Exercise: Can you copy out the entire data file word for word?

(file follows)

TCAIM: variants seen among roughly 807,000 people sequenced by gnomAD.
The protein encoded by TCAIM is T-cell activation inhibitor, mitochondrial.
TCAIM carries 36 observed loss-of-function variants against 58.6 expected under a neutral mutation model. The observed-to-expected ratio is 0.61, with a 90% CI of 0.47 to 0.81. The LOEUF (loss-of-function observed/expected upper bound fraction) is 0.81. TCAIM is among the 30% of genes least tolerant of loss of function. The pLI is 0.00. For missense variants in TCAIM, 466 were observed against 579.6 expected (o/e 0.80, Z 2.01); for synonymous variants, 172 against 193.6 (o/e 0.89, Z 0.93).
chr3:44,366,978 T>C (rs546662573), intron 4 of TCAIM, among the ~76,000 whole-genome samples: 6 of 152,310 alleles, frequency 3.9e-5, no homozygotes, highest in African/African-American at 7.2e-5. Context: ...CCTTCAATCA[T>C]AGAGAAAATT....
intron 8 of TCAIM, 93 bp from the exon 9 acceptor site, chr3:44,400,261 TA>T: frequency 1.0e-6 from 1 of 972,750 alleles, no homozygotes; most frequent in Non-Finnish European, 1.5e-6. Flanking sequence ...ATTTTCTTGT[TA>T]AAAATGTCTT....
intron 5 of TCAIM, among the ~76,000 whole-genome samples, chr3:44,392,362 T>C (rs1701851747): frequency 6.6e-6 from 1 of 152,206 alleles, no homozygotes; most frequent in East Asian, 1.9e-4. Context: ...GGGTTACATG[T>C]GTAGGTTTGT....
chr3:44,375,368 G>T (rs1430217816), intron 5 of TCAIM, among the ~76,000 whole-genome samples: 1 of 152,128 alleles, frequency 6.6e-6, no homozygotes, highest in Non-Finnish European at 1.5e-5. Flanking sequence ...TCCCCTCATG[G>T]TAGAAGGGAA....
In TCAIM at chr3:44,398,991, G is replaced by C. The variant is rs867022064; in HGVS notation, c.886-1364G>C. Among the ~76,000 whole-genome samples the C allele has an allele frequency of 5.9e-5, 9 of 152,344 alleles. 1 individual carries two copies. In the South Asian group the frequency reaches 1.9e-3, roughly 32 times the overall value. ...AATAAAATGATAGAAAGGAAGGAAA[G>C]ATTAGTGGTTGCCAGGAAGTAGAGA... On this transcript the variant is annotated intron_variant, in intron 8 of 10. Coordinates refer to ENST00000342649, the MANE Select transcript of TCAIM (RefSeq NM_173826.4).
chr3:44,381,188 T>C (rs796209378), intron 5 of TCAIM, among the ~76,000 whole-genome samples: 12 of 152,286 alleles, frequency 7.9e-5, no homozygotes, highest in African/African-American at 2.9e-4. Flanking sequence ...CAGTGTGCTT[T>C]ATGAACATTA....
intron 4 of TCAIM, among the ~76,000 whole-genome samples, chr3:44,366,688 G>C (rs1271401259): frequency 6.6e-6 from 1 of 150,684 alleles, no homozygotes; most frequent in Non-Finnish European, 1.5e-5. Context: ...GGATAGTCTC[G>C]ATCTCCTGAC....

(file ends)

TCAIM: variants seen among roughly 807,000 people sequenced by gnomAD.
The protein encoded by TCAIM is T-cell activation inhibitor, mitochondrial.
TCAIM carries 36 observed loss-of-function variants against 58.6 expected under a neutral mutation model. The observed-to-expected ratio is 0.61, with a 90% CI of 0.47 to 0.81. The LOEUF (loss-of-function observed/expected upper bound fraction) is 0.81. TCAIM is among the 30% of genes least tolerant of loss of function. The pLI is 0.00. For missense variants in TCAIM, 466 were observed against 579.6 expected (o/e 0.80, Z 2.01); for synonymous variants, 172 against 193.6 (o/e 0.89, Z 0.93).
chr3:44,366,978 T>C (rs546662573), intron 4 of TCAIM, among the ~76,000 whole-genome samples: 6 of 152,310 alleles, frequency 3.9e-5, no homozygotes, highest in African/African-American at 7.2e-5. Context: ...CCTTCAATCA[T>C]AGAGAAAATT....
intron 8 of TCAIM, 93 bp from the exon 9 acceptor site, chr3:44,400,261 TA>T: frequency 1.0e-6 from 1 of 972,750 alleles, no homozygotes; most frequent in Non-Finnish European, 1.5e-6. Flanking sequence ...ATTTTCTTGT[TA>T]AAAATGTCTT....
intron 5 of TCAIM, among the ~76,000 whole-genome samples, chr3:44,392,362 T>C (rs1701851747): frequency 6.6e-6 from 1 of 152,206 alleles, no homozygotes; most frequent in East Asian, 1.9e-4. Context: ...GGGTTACATG[T>C]GTAGGTTTGT....
chr3:44,375,368 G>T (rs1430217816), intron 5 of TCAIM, among the ~76,000 whole-genome samples: 1 of 152,128 alleles, frequency 6.6e-6, no homozygotes, highest in Non-Finnish European at 1.5e-5. Flanking sequence ...TCCCCTCATG[G>T]TAGAAGGGAA....
In TCAIM at chr3:44,398,991, G is replaced by C. The variant is rs867022064; in HGVS notation, c.886-1364G>C. Among the ~76,000 whole-genome samples the C allele has an allele frequency of 5.9e-5, 9 of 152,344 alleles. 1 individual carries two copies. In the South Asian group the frequency reaches 1.9e-3, roughly 32 times the overall value. ...AATAAAATGATAGAAAGGAAGGAAA[G>C]ATTAGTGGTTGCCAGGAAGTAGAGA... On this transcript the variant is annotated intron_variant, in intron 8 of 10. Coordinates refer to ENST00000342649, the MANE Select transcript of TCAIM (RefSeq NM_173826.4).
chr3:44,381,188 T>C (rs796209378), intron 5 of TCAIM, among the ~76,000 whole-genome samples: 12 of 152,286 alleles, frequency 7.9e-5, no homozygotes, highest in African/African-American at 2.9e-4. Flanking sequence ...CAGTGTGCTT[T>C]ATGAACATTA....
intron 4 of TCAIM, among the ~76,000 whole-genome samples, chr3:44,366,688 G>C (rs1271401259): frequency 6.6e-6 from 1 of 150,684 alleles, no homozygotes; most frequent in Non-Finnish European, 1.5e-5. Context: ...GGATAGTCTC[G>C]ATCTCCTGAC....